As temps turn chilly, it’s time to get the farm ready for winter. This farm-chore checklist will get things winter-ready before snow covers the fields.
PHOTO: Ludmila Smite/AdobeStock
As winter looms over the farm and we begin to feel we can relax, remember that January and February represent the true the downtime for most growers and small-scale farmers. The months of November and December are when we should clean up our fields, prepare the farm for winter and make a crop plan for next year.
If we leave a mess from 2022 in the field, we will enter a mess in 2023 when we have a lot to do. So before the snow threatens to cover everything, finish organizing your fields and supplies. Make your crop plan before seeds sell out, and make sure to record observations and data before you forget.
- Harvest any last root cellar crops.
- Cover any field greens in high tunnels with double row cover to continue harvesting through winter.
- Mulch your garlic if you haven’t already with straw or leaf mulch.
- Mulch over sensitive perennials that need extra protection from severe winter cold.
- Put tree guards on fruit trees to prevent rodent damage in winter.
- Make sure any labels that have marker names on them for perennials are rewritten so as not to be lost in strong winter light. Use paint markers.
- Make sure all hoses are drained and rolled up.
- Make sure all your field edges have the irrigation headers removed so they are not driven over accidentally (costly mistake!).
- Make sure water systems for livestock are in order for winter.
- Make sure all supplies for winter farm management are bulk purchased ahead of time.
- Make sure hay for livestock is secure for easy handling near animal pens.
- Make sure fuels have additives for winter protection.
- Clean up your equipment, and store all of it indoors.
- Mark all main drives and lanes for snow-removal accuracy and to prevent damage to pasture, gardens and edges.
- Pick up anything else that will be lost in the snow!
- Tidy the barn and sheds to make sure you are organized for the next season.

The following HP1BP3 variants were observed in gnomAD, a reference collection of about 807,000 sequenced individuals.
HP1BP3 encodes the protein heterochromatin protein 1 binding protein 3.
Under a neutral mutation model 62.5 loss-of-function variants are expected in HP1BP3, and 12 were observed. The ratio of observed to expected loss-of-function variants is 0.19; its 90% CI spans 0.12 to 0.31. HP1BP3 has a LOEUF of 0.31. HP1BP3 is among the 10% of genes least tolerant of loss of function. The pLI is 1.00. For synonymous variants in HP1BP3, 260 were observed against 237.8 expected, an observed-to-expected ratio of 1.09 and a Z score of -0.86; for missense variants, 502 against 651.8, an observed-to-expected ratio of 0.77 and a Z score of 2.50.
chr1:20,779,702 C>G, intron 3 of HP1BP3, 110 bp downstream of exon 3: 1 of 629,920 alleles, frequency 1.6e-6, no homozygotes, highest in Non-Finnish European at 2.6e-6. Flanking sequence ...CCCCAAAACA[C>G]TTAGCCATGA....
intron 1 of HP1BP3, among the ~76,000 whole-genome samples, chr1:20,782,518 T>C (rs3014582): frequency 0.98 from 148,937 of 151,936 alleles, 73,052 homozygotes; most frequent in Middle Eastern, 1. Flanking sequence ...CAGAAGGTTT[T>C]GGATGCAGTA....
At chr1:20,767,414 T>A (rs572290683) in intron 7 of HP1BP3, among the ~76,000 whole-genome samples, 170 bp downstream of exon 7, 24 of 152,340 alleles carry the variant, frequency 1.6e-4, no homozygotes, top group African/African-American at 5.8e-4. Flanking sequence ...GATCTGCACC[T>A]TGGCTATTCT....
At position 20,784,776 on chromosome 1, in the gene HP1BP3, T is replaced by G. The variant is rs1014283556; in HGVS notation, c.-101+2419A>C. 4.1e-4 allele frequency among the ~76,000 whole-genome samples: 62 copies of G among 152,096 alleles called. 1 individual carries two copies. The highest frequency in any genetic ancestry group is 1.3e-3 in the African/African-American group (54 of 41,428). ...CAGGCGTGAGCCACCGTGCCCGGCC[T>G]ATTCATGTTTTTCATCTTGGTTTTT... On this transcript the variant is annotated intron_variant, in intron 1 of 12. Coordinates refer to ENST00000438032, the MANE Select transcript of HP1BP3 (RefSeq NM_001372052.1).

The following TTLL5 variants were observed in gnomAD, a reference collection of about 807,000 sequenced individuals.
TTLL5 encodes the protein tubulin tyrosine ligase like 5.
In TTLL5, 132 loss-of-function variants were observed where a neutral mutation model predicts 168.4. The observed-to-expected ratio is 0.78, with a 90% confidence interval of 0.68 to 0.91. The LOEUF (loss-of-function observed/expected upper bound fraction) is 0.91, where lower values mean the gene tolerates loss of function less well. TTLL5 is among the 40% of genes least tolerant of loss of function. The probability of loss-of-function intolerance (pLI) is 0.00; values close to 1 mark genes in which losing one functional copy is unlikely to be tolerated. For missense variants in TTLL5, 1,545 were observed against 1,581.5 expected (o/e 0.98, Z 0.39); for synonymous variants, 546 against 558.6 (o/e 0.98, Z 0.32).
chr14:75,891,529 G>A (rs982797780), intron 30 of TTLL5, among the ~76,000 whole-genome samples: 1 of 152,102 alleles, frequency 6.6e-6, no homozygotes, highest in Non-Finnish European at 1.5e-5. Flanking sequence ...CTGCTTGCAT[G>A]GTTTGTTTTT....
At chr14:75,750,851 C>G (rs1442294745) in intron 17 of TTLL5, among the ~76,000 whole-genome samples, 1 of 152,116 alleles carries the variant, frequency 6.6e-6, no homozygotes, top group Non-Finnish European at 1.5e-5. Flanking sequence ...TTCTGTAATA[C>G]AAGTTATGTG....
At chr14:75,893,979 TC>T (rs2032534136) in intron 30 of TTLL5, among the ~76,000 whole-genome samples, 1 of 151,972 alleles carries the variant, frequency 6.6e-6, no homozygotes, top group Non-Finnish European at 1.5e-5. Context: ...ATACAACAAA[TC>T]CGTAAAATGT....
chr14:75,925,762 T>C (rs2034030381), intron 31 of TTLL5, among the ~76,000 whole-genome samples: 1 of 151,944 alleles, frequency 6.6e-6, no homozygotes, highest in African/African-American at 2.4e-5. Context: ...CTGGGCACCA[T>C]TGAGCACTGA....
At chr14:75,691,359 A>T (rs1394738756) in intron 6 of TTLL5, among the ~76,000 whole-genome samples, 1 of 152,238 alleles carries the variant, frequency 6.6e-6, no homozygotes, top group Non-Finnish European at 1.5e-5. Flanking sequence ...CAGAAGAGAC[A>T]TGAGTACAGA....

- Map any weed pressure in your beds that is still visible so you can account for this in your crop planning for 2023
- Sort last year’s seed and assess which varieties are still useful for next year and which are no longer viable. You can even do germination tests to be sure.
- Make sure all your favorite seed catalogs are on their way.
- Go through any catalogs you have and make some wish lists.
- Make sure your garden journal is on order and all your notes are ready for crop planning and assessment of the 2023 year. I always make a year-end assessment in November. Create a plan for your crop planning.
- Outline all your planning to-dos. (Professional growers will start crop planning end of November/early December to make sure this job is done before the holidays.)
- Make a new crop plan in your preferred spreadsheet software.
- Make a crop map to show where you plan to plant everything.
- Create seed orders for all the needed crop seeds and perennial transplants.
- Place your seed order before seed sell out! I’m sure to order before the holidays.
- If possible, order your supplies before the end of the fiscal year to reduce your taxes owed (or at least reserve with deposit).
- Send out special holiday sign-up incentives for your customers for your CSA and market offerings to generate cashflow for seed and supplies.